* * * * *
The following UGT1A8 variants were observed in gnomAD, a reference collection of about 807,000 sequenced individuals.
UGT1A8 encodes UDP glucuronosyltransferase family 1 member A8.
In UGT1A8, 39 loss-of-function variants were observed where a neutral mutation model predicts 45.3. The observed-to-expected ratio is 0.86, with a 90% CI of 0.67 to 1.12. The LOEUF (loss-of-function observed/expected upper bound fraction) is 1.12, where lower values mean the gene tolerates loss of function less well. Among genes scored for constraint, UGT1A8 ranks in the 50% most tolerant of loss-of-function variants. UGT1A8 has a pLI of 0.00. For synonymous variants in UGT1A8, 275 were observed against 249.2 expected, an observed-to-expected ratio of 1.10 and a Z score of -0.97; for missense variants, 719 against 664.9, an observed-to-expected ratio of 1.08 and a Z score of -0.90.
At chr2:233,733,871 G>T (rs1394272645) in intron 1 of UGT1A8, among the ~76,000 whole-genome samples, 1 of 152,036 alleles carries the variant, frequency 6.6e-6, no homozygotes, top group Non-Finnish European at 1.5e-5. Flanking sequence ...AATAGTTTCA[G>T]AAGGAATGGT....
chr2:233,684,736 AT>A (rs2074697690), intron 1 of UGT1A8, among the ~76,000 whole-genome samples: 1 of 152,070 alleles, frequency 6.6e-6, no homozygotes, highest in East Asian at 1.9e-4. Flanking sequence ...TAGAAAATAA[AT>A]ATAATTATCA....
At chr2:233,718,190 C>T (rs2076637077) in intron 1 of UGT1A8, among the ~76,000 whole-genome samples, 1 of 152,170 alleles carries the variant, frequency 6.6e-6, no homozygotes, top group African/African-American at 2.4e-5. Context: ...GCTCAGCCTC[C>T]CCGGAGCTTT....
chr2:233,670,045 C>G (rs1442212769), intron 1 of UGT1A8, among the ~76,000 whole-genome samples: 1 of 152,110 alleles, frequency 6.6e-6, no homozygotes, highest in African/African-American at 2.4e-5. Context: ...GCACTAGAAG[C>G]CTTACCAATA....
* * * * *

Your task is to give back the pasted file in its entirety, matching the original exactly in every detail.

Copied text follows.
The following UGT1A8 variants were observed in gnomAD, a reference collection of about 807,000 sequenced individuals.
UGT1A8 encodes UDP glucuronosyltransferase family 1 member A8.
In UGT1A8, 39 loss-of-function variants were observed where a neutral mutation model predicts 45.3. The observed-to-expected ratio is 0.86, with a 90% CI of 0.67 to 1.12. The LOEUF (loss-of-function observed/expected upper bound fraction) is 1.12, where lower values mean the gene tolerates loss of function less well. Among genes scored for constraint, UGT1A8 ranks in the 50% most tolerant of loss-of-function variants. UGT1A8 has a pLI of 0.00. For synonymous variants in UGT1A8, 275 were observed against 249.2 expected, an observed-to-expected ratio of 1.10 and a Z score of -0.97; for missense variants, 719 against 664.9, an observed-to-expected ratio of 1.08 and a Z score of -0.90.
At chr2:233,733,871 G>T (rs1394272645) in intron 1 of UGT1A8, among the ~76,000 whole-genome samples, 1 of 152,036 alleles carries the variant, frequency 6.6e-6, no homozygotes, top group Non-Finnish European at 1.5e-5. Flanking sequence ...AATAGTTTCA[G>T]AAGGAATGGT....
chr2:233,684,736 AT>A (rs2074697690), intron 1 of UGT1A8, among the ~76,000 whole-genome samples: 1 of 152,070 alleles, frequency 6.6e-6, no homozygotes, highest in East Asian at 1.9e-4. Flanking sequence ...TAGAAAATAA[AT>A]ATAATTATCA....
At chr2:233,718,190 C>T (rs2076637077) in intron 1 of UGT1A8, among the ~76,000 whole-genome samples, 1 of 152,170 alleles carries the variant, frequency 6.6e-6, no homozygotes, top group African/African-American at 2.4e-5. Context: ...GCTCAGCCTC[C>T]CCGGAGCTTT....
chr2:233,670,045 C>G (rs1442212769), intron 1 of UGT1A8, among the ~76,000 whole-genome samples: 1 of 152,110 alleles, frequency 6.6e-6, no homozygotes, highest in African/African-American at 2.4e-5. Context: ...GCACTAGAAG[C>G]CTTACCAATA....